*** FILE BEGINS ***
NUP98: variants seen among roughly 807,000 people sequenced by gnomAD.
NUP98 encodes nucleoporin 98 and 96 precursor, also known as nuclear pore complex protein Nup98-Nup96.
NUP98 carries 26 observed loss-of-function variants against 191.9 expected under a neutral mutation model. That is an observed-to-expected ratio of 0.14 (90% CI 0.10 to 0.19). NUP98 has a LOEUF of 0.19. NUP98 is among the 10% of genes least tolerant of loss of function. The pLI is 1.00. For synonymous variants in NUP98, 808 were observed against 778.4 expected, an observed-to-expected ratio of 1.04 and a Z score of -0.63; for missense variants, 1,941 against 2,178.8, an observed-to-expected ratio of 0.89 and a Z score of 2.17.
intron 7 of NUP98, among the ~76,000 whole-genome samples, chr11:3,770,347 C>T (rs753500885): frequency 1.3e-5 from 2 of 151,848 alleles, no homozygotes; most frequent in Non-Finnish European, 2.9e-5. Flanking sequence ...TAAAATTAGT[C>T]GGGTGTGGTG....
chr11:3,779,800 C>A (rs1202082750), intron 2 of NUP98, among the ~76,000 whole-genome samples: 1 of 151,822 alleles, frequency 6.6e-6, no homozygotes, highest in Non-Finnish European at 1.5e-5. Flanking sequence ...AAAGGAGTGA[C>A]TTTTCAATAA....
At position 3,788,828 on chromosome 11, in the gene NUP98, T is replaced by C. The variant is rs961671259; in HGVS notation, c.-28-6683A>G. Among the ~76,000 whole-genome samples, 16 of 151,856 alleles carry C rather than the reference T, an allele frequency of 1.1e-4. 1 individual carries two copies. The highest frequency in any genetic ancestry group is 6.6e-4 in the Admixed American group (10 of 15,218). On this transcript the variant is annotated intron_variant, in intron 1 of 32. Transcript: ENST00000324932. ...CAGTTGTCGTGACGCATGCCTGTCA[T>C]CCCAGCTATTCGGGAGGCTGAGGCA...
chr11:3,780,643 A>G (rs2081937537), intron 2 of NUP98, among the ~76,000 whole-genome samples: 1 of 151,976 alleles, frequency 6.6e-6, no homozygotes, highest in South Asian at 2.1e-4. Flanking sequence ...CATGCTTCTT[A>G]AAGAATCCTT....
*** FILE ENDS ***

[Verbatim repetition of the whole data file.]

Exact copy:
NUP98: variants seen among roughly 807,000 people sequenced by gnomAD.
NUP98 encodes nucleoporin 98 and 96 precursor, also known as nuclear pore complex protein Nup98-Nup96.
NUP98 carries 26 observed loss-of-function variants against 191.9 expected under a neutral mutation model. That is an observed-to-expected ratio of 0.14 (90% CI 0.10 to 0.19). NUP98 has a LOEUF of 0.19. NUP98 is among the 10% of genes least tolerant of loss of function. The pLI is 1.00. For synonymous variants in NUP98, 808 were observed against 778.4 expected, an observed-to-expected ratio of 1.04 and a Z score of -0.63; for missense variants, 1,941 against 2,178.8, an observed-to-expected ratio of 0.89 and a Z score of 2.17.
intron 7 of NUP98, among the ~76,000 whole-genome samples, chr11:3,770,347 C>T (rs753500885): frequency 1.3e-5 from 2 of 151,848 alleles, no homozygotes; most frequent in Non-Finnish European, 2.9e-5. Flanking sequence ...TAAAATTAGT[C>T]GGGTGTGGTG....
chr11:3,779,800 C>A (rs1202082750), intron 2 of NUP98, among the ~76,000 whole-genome samples: 1 of 151,822 alleles, frequency 6.6e-6, no homozygotes, highest in Non-Finnish European at 1.5e-5. Flanking sequence ...AAAGGAGTGA[C>A]TTTTCAATAA....
At position 3,788,828 on chromosome 11, in the gene NUP98, T is replaced by C. The variant is rs961671259; in HGVS notation, c.-28-6683A>G. Among the ~76,000 whole-genome samples, 16 of 151,856 alleles carry C rather than the reference T, an allele frequency of 1.1e-4. 1 individual carries two copies. The highest frequency in any genetic ancestry group is 6.6e-4 in the Admixed American group (10 of 15,218). On this transcript the variant is annotated intron_variant, in intron 1 of 32. Transcript: ENST00000324932. ...CAGTTGTCGTGACGCATGCCTGTCA[T>C]CCCAGCTATTCGGGAGGCTGAGGCA...
chr11:3,780,643 A>G (rs2081937537), intron 2 of NUP98, among the ~76,000 whole-genome samples: 1 of 151,976 alleles, frequency 6.6e-6, no homozygotes, highest in South Asian at 2.1e-4. Flanking sequence ...CATGCTTCTT[A>G]AAGAATCCTT....